The Aloe – Katherine Mansfield (1916, this edition 1983) 79 pages
The Aloe was Katharine Mansfield’s first punt at writing her short story Prelude, and so while it’s not entirely satisfactory as a fully realised story in its own right, there’s still a lot to enjoy here.
It begins with the Burnell family moving to a new home further out in the New Zealand countryside. The opening is told from the children’s point of view as the three of them are old enough to realise what is happening but too young to take an active part. I thought Mansfield captured the detailed minutiae of children’s lives so well:
“Kezia liked to stand so before the window. She liked the feeling of the cold shining glass against her hot little palms and she liked to watch the funny white tops that came on her fingers when she pressed them hard against the pane”
Once they arrive at the larger, more remote house, the attention shifts to the adults. Mansfield is incredibly subtle in her characterisation, drawing psychologically astute portraits but leaving the reader to work out what it means for this group of people to be living together.
Stanley Burnell is optimistic and eager about the move, little realising the various pressures it places on the women of the household, mainly because he is out in town all day:
“He was enormously pleased – weather like this set a final seal upon his bargain – he felt somehow – that he had bought the sun too and got it chucked in dirt cheap.”
His wife Linda is neither entirely happy nor completely unhappy, but certainly she is part of a generation of women given to mysterious ailments like headaches which enable her to spend a day in a room closed off from the rest of the household. She able to do so because her mother Mrs Fairchild is so capable and domesticated:
“There was a charm and grace in all her movements. It was not that she merely ‘set in order’; there seemed to be an almost positive quality in the obedience of things in her fine old hands.”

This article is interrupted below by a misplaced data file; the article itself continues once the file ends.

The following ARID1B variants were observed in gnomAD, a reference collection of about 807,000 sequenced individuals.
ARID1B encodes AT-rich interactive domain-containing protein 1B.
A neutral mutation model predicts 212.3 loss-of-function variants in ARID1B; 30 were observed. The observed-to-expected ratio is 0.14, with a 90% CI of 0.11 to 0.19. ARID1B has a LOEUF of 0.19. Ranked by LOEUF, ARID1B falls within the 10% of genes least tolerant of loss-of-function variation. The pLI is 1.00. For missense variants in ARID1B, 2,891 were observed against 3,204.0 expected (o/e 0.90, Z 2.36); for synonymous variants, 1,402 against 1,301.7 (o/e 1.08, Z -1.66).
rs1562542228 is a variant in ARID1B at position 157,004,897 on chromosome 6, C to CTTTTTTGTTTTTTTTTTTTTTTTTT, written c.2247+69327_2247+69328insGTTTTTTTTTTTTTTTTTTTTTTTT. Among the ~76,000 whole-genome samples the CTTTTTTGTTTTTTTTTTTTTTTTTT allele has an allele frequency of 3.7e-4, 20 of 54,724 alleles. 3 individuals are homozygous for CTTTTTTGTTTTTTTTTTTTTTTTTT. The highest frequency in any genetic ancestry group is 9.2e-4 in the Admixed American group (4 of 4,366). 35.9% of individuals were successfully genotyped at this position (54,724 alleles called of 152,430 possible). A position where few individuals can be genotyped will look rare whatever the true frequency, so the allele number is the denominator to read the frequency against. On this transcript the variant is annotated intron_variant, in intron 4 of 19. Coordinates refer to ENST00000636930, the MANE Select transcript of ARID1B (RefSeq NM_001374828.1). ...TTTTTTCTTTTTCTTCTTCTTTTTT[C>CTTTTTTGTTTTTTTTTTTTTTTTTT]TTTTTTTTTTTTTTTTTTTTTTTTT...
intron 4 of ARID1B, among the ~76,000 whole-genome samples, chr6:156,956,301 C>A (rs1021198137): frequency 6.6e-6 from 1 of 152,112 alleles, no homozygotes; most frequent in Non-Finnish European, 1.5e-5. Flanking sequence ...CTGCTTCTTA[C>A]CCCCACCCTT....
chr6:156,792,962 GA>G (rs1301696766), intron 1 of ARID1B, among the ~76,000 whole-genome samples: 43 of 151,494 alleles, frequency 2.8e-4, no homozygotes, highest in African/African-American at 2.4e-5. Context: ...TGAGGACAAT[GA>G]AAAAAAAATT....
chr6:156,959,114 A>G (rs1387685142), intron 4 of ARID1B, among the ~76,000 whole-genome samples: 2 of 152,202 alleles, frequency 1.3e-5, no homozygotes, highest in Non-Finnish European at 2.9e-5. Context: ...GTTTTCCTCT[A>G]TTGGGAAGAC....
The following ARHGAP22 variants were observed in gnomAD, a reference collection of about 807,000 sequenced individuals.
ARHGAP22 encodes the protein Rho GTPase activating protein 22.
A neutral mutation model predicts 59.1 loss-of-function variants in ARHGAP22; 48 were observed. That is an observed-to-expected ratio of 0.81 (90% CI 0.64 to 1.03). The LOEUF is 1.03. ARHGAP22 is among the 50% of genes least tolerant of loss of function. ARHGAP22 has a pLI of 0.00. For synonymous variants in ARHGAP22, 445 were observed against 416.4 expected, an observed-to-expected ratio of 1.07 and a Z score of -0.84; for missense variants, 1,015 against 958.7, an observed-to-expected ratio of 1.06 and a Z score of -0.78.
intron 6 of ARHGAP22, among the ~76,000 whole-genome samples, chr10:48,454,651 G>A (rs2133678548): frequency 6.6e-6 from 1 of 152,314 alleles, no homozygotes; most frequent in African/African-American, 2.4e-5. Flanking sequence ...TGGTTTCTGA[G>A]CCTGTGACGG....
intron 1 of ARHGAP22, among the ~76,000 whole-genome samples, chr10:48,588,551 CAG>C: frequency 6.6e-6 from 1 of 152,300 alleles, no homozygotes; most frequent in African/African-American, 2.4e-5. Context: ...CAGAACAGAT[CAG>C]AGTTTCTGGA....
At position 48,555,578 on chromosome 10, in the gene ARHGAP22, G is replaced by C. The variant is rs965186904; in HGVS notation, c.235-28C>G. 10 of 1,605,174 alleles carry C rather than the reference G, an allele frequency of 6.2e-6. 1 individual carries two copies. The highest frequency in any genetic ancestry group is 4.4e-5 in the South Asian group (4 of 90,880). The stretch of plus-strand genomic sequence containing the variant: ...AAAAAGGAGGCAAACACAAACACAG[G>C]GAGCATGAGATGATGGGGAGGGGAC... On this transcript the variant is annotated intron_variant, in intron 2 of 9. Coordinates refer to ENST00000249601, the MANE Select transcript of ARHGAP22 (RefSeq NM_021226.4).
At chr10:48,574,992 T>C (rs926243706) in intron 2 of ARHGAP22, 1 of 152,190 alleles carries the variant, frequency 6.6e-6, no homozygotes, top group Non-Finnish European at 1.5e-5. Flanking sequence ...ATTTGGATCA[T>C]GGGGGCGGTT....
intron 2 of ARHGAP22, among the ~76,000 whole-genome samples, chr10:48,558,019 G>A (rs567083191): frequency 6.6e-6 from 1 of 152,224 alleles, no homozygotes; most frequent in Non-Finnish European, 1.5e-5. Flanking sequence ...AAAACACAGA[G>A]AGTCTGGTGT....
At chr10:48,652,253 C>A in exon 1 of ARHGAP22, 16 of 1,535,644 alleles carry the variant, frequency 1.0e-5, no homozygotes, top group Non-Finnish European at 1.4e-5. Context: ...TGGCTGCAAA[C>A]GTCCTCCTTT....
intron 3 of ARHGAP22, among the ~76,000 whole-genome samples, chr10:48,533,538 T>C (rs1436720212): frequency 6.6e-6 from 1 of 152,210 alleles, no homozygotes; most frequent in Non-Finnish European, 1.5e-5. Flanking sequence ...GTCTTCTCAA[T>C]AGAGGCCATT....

One piece of characterisation I really liked was Beryl, Linda’s sister. There is a hint that she may be trying to seduce her brother-in-law, mainly through boredom and a need to feel loved. As she writes a letter to her friend full of news that she knows is insincere, superficial prattle, she has this insight:
“Perhaps it was because she was not leading the life that she wanted to – she had not a chance to really express herself – she was always living below her power – and therefore she had no need of her real self – her real self only made her wretched.”
In lesser hands Beryl would just be a flighty, flirty, dreamer with the potential for real destruction, but Mansfield shows how all the women are forced into certain roles because society doesn’t give them the choices it affords to men. This is never didactic though; the reader is left to draw their own conclusions.
The Aloe only covers two days in this family’s life (though Mansfield ultimately wrote three short stories about the Burnells) but so much is explored, reading it is still a rich experience. My only reservation is that my delicate sensibilities could have done without the duck-killing scene (which I skimmed.) The novella does end rather abruptly but then it was never quite intended to be read as it is now.